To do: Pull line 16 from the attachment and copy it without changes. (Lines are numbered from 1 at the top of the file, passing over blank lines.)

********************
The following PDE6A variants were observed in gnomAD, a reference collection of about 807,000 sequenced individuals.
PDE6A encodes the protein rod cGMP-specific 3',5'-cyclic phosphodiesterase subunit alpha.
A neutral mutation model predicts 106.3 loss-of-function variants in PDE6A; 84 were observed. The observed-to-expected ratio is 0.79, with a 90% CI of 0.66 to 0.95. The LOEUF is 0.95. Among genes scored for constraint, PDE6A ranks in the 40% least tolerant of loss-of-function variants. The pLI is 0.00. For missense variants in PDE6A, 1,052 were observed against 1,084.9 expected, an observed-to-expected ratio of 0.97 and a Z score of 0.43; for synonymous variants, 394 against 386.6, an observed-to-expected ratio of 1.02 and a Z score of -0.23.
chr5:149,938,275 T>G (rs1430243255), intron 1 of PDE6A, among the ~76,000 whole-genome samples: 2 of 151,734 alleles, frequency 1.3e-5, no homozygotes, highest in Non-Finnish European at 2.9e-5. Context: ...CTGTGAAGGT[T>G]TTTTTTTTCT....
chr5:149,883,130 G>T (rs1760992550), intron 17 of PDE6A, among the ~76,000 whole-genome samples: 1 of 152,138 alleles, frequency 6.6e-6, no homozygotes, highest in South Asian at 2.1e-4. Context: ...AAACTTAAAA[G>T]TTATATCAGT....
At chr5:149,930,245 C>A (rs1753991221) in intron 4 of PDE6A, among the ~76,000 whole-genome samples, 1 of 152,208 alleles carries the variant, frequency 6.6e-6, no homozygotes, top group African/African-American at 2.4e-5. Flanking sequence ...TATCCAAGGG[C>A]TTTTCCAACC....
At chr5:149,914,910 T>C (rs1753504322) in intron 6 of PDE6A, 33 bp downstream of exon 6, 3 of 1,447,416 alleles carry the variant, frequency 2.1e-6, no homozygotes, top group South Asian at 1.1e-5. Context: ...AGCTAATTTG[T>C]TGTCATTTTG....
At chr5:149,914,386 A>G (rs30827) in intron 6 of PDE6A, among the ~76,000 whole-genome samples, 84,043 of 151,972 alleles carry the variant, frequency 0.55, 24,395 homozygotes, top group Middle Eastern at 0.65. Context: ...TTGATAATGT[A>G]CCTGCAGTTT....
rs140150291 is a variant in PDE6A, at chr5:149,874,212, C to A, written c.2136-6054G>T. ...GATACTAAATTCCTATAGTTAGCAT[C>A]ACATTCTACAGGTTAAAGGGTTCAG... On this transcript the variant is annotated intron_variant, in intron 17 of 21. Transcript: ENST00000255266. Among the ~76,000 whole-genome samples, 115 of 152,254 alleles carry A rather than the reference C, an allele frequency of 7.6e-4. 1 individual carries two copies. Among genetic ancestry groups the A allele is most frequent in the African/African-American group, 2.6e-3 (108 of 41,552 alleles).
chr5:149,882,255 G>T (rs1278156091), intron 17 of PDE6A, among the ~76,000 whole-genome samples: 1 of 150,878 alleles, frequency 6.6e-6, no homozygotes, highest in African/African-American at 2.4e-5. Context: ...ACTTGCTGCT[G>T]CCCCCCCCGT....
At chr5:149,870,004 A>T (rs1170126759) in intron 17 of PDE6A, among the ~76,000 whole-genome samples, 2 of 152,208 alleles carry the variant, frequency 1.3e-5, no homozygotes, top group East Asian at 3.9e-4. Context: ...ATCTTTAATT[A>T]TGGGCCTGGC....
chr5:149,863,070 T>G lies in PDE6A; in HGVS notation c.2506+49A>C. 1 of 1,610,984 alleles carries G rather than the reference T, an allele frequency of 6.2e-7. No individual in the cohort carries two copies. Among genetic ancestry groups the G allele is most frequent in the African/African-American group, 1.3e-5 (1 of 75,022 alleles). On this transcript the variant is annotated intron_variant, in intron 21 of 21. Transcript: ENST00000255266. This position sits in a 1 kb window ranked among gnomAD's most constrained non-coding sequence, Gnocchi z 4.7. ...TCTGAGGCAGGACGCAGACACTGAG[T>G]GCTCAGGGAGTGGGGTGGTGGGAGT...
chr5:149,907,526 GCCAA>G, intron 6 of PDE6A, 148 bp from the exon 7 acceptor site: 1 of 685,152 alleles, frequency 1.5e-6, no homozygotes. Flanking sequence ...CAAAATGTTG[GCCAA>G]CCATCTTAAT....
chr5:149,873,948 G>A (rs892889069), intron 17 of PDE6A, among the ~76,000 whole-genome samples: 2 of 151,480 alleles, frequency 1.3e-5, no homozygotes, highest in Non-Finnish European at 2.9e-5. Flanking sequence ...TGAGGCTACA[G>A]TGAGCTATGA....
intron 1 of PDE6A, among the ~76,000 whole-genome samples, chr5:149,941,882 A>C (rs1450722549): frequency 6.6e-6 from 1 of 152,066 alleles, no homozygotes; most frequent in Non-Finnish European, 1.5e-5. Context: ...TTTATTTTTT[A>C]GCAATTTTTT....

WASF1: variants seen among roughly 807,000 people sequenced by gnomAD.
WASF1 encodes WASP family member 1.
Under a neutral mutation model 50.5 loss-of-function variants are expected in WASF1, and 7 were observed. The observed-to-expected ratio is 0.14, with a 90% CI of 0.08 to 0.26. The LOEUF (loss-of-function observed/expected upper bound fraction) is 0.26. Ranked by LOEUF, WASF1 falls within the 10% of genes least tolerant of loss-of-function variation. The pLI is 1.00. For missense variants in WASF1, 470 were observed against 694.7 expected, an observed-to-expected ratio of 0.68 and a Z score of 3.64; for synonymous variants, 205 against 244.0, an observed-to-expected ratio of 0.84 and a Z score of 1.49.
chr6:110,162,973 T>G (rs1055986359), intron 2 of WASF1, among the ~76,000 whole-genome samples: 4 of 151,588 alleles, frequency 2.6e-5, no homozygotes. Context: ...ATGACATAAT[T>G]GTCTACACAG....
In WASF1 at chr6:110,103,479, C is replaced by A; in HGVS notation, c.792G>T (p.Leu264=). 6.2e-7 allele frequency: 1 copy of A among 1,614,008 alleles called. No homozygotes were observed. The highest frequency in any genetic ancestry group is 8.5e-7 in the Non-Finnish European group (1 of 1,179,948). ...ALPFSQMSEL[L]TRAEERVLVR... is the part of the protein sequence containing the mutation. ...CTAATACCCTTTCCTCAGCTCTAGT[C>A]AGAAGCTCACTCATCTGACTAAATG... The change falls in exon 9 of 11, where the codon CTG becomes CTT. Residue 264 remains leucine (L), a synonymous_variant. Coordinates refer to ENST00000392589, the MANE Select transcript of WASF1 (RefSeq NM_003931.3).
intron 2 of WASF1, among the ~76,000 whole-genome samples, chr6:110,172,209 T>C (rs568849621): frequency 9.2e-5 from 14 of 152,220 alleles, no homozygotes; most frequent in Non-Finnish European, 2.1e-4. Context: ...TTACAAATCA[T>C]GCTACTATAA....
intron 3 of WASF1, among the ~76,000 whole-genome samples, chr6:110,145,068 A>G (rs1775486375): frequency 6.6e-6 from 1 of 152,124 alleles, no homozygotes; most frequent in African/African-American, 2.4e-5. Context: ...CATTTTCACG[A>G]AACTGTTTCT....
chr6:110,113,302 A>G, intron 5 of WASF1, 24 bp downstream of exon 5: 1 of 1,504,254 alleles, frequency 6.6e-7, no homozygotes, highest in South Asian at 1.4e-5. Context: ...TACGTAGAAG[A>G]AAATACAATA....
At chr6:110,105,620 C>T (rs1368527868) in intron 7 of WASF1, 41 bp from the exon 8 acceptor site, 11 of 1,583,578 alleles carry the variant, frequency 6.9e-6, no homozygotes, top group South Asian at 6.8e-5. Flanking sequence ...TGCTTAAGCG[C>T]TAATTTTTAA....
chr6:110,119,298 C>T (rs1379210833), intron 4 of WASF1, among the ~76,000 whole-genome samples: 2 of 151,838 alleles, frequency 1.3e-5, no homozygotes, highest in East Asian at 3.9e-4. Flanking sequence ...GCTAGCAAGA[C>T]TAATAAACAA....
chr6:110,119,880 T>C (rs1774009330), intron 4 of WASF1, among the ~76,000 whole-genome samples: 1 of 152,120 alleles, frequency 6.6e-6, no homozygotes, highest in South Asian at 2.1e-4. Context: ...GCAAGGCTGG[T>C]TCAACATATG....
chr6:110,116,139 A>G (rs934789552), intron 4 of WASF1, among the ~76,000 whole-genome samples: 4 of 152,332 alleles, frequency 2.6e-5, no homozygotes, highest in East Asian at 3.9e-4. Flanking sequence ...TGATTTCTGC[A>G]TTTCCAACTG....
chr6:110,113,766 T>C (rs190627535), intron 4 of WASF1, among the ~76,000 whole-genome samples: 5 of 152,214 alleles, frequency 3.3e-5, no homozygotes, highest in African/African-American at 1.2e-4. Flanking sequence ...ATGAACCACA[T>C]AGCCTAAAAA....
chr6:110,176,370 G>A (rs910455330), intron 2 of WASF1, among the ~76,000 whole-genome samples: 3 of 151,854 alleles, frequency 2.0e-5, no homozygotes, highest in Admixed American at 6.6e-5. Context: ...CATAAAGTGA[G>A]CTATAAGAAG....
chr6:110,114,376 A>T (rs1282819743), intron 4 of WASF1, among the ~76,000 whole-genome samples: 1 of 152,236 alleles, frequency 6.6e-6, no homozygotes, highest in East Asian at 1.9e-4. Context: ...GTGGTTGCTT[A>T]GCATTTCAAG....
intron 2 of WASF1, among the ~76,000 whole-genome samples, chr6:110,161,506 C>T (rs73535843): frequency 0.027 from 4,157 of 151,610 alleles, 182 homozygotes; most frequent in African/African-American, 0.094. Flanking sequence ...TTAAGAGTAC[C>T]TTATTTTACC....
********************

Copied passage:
WASF1: variants seen among roughly 807,000 people sequenced by gnomAD.